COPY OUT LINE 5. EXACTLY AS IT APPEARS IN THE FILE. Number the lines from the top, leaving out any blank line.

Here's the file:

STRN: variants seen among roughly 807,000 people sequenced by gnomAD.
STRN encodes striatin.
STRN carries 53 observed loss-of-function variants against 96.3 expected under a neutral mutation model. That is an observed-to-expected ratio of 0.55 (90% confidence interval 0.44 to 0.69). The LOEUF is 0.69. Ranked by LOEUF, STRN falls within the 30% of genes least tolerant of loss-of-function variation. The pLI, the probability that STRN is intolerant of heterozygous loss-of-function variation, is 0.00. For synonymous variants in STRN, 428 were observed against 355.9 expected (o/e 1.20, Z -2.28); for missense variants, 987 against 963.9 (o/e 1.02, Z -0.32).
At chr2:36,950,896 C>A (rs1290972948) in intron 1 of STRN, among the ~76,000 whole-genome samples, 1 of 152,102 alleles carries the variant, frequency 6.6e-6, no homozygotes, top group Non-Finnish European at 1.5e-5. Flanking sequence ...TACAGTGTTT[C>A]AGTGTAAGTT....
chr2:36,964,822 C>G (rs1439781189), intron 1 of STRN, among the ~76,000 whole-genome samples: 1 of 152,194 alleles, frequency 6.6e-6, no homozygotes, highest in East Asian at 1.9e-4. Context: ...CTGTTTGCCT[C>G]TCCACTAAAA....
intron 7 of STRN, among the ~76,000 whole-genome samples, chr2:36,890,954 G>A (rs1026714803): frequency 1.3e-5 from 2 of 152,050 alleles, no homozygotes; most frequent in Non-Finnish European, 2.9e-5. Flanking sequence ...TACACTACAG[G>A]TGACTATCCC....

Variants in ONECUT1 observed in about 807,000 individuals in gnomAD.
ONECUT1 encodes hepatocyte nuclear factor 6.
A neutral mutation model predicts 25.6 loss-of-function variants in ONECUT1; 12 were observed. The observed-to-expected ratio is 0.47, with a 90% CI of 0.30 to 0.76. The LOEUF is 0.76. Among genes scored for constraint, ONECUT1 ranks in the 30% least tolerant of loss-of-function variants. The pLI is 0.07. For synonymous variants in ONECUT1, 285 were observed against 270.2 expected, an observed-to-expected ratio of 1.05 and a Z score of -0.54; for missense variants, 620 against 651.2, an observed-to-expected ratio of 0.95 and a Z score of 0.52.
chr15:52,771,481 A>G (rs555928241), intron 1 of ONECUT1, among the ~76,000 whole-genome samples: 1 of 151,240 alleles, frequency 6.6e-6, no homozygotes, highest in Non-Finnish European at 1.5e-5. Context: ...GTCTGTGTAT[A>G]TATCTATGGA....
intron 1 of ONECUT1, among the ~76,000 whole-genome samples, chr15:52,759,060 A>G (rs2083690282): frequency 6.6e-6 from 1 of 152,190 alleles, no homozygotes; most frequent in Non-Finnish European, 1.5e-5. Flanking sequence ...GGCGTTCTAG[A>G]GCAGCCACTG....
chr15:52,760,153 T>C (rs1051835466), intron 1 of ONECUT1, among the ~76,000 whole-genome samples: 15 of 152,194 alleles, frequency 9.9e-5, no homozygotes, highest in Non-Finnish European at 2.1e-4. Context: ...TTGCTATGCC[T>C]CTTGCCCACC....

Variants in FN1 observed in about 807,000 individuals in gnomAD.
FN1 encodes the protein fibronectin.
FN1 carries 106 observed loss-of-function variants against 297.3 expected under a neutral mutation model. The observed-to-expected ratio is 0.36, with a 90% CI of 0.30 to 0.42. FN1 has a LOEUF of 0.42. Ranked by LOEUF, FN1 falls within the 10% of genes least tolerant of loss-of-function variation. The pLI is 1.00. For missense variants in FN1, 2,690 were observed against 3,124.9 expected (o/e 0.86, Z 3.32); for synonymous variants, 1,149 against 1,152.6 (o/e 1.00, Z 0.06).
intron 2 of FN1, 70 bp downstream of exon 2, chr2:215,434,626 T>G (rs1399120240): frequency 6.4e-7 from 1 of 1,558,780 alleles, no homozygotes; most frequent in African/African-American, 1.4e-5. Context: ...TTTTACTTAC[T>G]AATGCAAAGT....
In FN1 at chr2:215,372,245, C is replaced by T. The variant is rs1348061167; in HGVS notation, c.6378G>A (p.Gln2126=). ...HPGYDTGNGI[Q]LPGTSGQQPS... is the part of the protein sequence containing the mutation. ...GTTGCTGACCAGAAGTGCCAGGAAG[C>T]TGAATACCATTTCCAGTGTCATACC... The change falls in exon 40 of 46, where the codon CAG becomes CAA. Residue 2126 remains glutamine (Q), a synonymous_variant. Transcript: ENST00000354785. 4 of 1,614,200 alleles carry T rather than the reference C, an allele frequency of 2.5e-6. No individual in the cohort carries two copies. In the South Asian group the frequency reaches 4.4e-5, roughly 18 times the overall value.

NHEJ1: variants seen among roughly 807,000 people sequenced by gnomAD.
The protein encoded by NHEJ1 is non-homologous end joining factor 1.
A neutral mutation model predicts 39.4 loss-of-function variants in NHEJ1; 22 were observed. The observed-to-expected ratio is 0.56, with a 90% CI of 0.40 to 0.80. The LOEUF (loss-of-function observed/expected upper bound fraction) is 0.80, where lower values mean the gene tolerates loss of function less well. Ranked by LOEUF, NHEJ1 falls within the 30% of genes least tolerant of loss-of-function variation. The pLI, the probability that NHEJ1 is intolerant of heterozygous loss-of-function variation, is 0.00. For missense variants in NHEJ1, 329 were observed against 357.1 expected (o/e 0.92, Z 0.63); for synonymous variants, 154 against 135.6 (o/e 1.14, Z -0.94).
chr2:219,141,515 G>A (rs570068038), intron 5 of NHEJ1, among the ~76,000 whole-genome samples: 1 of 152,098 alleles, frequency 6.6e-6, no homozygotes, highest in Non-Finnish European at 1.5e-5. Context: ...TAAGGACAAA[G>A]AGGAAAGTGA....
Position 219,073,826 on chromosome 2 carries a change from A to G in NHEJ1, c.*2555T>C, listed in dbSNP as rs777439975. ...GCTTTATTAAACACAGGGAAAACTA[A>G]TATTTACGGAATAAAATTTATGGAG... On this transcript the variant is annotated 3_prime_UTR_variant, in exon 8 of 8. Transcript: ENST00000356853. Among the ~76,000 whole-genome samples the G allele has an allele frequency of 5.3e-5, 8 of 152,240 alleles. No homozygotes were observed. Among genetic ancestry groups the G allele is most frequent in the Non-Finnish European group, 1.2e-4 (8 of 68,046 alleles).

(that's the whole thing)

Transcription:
chr2:36,964,822 C>G (rs1439781189), intron 1 of STRN, among the ~76,000 whole-genome samples: 1 of 152,194 alleles, frequency 6.6e-6, no homozygotes, highest in East Asian at 1.9e-4. Context: ...CTGTTTGCCT[C>G]TCCACTAAAA....